"The stresses of the job are sufficient enough," he said. "Add to that the traumatic experience of being involved in a shooting and then having to sit around and wait an exorbitant amount of time for someone to get off their duff and make a decision."
Delays and claims that prosecutors never received reports were so common that homicide detectives began making Lamar's staff sign for reports, Corlew said.
Files in Lamar's office were in such disarray as recently as six weeks ago that the staff could not find the one on Osceola sheriff's Sgt. Fred Hinderman in response to a records request.
Hinderman saved the life of a hostage Jan. 10, 2006, by shooting and killing an armed bank robber who refused to surrender. Tavernier and another Lamar aide, Chief Investigator Randy Means, suggested, wrongly, that the newspaper had given the office an incorrect spelling of Hinderman's name.
Actually, Hinderman already had been cleared three weeks earlier on Oct. 4 after the Sentinel began asking about his case. But no one had notified Hinderman or his boss, Sheriff Bob Hansell, by Oct. 26, when Hinderman responded to a request for comment on his wait.
"'With the support I have received from Sheriff Hansell, friends, and family I have felt very little pressure waiting for the SAO,' " he wrote in an e-mail.
Prosecutors received the file 18 months earlier. It shows no indication when or if anyone in Lamar's office reviewed the case before closing it.
None of the shooting files reviewed by the Sentinel showed that prosecutors had asked for more information.
Other counties rule faster
In nearby counties, state attorneys clear or charge officers much more quickly.
Polk County regularly acts within two months. Prosecutors in Brevard and Seminole counties rarely exceed four months. And in Lake and Volusia counties, cases are routinely closed in four to 10 months, according to interviews. Lamar's office handles many more deadly force investigations than prosecutors in those counties, however.
From Sept. 1, 2005, to Sept. 7, 2007, Orange and Osceola counties had 32 of the 50 officer-involved shootings investigated by the Florida Department of Law Enforcement in Lake, Orange, Osceola, Seminole and Volusia counties, records show. FDLE works with local agencies in preparing reports for prosecutors.
"They get the numbers," said FDLE Assistant Special Agent in Charge Dave Donaway. "It's not like the old days. There's something like 1.1 million people just in Orange County."
Sheriff Beary would not comment on the delays, even though his deputies are involved in more shootings than members of any other local agency. But other law-enforcement leaders faulted the process.
"It's like having a dark cloud over you, even in the best of cases," said Orlando police Chief Mike McCoy. "I wish it could be done faster."
McCoy voiced particular concern about the stress on officers under investigation, their families and fellow squad members. Supervisors can reassure officers, but only the prosecutor's decision will let them rest, he said.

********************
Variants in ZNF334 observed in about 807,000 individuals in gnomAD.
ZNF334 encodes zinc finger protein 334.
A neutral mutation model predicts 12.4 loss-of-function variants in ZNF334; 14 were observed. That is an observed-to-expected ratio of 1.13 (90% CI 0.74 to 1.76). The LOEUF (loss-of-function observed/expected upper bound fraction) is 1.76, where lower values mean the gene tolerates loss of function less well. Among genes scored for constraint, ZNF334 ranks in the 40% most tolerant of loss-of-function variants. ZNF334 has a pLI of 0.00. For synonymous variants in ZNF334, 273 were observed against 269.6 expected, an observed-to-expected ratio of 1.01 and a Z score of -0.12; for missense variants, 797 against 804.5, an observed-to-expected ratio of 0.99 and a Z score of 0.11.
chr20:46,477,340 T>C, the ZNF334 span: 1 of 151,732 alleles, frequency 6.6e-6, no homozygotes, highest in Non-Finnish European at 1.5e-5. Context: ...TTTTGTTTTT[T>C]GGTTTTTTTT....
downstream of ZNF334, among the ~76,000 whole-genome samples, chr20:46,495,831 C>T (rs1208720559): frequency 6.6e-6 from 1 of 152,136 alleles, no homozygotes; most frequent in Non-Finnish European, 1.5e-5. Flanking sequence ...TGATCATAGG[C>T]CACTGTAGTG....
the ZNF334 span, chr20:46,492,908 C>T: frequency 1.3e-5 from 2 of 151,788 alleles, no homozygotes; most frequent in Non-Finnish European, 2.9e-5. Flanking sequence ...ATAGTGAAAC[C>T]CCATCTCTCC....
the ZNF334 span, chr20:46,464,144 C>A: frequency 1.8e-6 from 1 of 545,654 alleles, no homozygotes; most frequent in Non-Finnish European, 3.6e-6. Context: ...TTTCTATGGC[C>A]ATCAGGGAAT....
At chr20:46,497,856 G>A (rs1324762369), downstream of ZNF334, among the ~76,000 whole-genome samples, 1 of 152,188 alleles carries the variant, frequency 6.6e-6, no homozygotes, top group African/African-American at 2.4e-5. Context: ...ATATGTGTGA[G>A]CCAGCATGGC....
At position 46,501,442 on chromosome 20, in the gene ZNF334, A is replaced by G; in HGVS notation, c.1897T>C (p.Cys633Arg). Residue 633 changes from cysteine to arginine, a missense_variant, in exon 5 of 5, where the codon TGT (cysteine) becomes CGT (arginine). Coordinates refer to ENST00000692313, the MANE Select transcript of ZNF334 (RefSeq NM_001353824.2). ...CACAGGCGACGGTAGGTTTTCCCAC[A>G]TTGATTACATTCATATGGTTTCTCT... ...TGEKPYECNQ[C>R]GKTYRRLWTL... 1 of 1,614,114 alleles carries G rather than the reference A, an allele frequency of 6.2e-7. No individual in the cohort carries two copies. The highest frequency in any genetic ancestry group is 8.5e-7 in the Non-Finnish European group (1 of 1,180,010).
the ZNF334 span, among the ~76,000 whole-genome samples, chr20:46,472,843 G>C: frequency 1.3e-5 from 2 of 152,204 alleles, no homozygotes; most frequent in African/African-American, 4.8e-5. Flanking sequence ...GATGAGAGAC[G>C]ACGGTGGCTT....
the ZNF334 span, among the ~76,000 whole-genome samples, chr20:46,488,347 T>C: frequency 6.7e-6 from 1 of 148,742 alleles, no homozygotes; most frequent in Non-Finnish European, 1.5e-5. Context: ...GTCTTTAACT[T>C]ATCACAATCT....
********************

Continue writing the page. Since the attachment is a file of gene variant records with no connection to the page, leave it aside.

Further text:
Sheriff Hansell of Osceola speculated that Lamar's prosecutors don't feel urgency to close cases when the use of deadly force appears appropriate. Prosectors routinely call agency heads months before cases are closed to let them know there is no obvious wrongdoing, he said.
Orlando officers wait a year
The delays became public after the Sentinel asked in September why Orlando police Officer Jim Ruhl and three squad members had waited 12 months and longer to be cleared after a fight to the death with a convicted killer in April 2006.
"You've got to get your mind clear," Ruhl said of what it was like to return to duty while still under investigation. "You're more of a liability if you take that out with you."
Ruhl, a nine-year veteran, downplayed feeling any anxiety during his wait to be cleared but said it might have been intolerable if he had been a less-experienced officer without specialized training as a member of the SWAT team.
Yet, prosecutors were not concerned with how long the cases were taking.
"No two law-enforcement shooting investigations are the same, and thus we do not place artificial time limits on them," Means said when asked whether Ruhl's wait had been average or shorter or longer than normal. "While time is an important element for the officers and subjects of the shooting, our focus must remain on insuring justice occurs by reviewing the case thoroughly."
Means amended his comments when he learned his office had not been notifying officers and deputies when their cases were closed.
"Apparently the break down has been in closing the cases out in the computer and a failure to send affirmation letters promptly to agencies," he wrote, stating the problem was only months old. "That process has now been changed, and this processing error will be remedied."
Copyright 2007 Orlando Sentinel